RESEARCH TRIANGLE PARK, N.C. — RTI International, a nonprofit research institute, released a report evaluating the impact of four strategies for reducing greenhouse gas emissions from North Carolina’s transportation sector. Transportation is the leading source of greenhouse gas (GHG) emissions nationwide and set to become number one in North Carolina.
The report, “Evolving Transportation in North Carolina: An Analysis of Emission Reduction Pathways for North Carolina’s Transportation Sector,” was created in part to help analyze options for achieving Gov. Roy Cooper’s goal to reduce total GHG emissions in N.C. to 40 percent below 2005 levels by 2025. The report was made possible with funding from the Southern Environmental Law Center (SELC) and the Natural Resources Defense Council (NRDC).
“Our goal was to evaluate what can be done in the near future to reduce transportation emissions while simultaneously creating a more equitable and accessible transportation system throughout the state,” said Kyle Clark-Sutton, research economist at RTI and project lead.
The study looked at a portfolio of options to help North Carolina meet its greenhouse gas reductions goal that included Vehicle Miles Traveled (VMT) reductions, increased transit usage, electrification of passenger vehicles and vehicle efficiency standards. Additionally, the report recommends potential policies and programs that other states have explored to meet these targets.
The study found that reducing vehicles miles traveled (VMT) by passenger cars by 10% would result in emissions reductions of 3.7 million tons of carbon dioxide (CO2) in 2025, which is roughly equivalent to taking 750,000 cars off the road for a year. Other strategies yielded emissions reductions ranging from 65,000 to 1.6 million tons of CO2.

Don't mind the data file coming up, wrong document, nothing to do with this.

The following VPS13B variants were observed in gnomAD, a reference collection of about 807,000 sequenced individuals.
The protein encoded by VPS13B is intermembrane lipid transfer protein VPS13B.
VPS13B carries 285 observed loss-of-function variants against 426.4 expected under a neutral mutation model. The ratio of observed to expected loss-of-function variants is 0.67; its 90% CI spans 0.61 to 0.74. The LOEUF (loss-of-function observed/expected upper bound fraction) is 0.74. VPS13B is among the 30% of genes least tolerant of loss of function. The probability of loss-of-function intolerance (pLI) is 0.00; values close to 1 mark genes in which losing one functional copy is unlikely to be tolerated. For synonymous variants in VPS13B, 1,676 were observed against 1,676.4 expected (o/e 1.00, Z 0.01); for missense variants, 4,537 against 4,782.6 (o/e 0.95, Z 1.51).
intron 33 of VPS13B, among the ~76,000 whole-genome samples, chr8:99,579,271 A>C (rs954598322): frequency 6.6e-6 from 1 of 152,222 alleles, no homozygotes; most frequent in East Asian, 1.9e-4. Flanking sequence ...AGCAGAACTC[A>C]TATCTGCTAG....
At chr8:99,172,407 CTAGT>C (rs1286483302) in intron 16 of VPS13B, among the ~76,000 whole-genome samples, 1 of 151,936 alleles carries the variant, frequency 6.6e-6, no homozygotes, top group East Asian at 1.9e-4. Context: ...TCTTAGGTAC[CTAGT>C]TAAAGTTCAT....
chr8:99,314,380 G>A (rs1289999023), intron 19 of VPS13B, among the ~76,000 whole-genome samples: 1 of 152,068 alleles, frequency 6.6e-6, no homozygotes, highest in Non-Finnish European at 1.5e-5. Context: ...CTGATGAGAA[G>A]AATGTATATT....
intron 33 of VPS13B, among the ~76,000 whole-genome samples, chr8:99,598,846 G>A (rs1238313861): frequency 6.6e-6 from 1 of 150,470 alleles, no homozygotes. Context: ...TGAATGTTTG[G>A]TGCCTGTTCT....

“North Carolina’s goal for transportation is currently limited to a proposal to increase the number of electric vehicles (EVs) on the road to 80,000 by 2025” said Kym Hunter of SELC. “Our study found that this goal is too small, as North Carolina is set to achieve this number of EVs under a business-as-usual model. North Carolina needs to embrace other policies. Electrifying our transportation system is an important strategy to mitigate climate change and clean up the air we breathe, but it cannot stand alone. We also need to look at strategies to reduce driving, increase transit use and clean up the gas-powered vehicles on the road for North Carolina to achieve its greenhouse gas reduction goals.”
For each of the four strategies below, RTI estimated the resulting emissions reductions by 2025, examined policies to kickstart and accelerate reductions, and considered how changes in transportation technology and policy can create a more equitable, accessible transportation system in the state.
- Vehicle Miles Traveled Reduction – Reduce total miles traveled by light duty vehicles by 10 percent by 2025.
- Transit Adoption – Shift one percent of light duty vehicles travel to public transit by 2025.
- Battery Electric Vehicle Adoption – Accelerate battery electric vehicle adoption to 20 percent of light duty vehicle sales by 2025.
- Fuel Economy – Achieve an average fuel economy of 54.5 miles per gallon for all new light duty vehicle sales in North Carolina by 2025.
Since 2005, greenhouse gas emissions in North Carolina have declined by 22 percent, but emissions are projected to remain relatively stable through 2030 without more aggressive action in the near term to accelerate progress. In 2018, the Intergovernmental Panel on Climate Change (IPCC) warned that we have just twelve years to get our emissions under control to avoid the worst impacts of climate change.
“This report makes clear that there is no silver bullet for curbing harmful climate pollution from our transportation sector,” said Luis Martinez, Senior Attorney at NRDC. “Achieving significant emissions reductions will require a suite of solutions that holistically rethinks transportation in North Carolina – from putting more electric vehicles on our roads to expanding public transit and making our communities more livable and equitable.”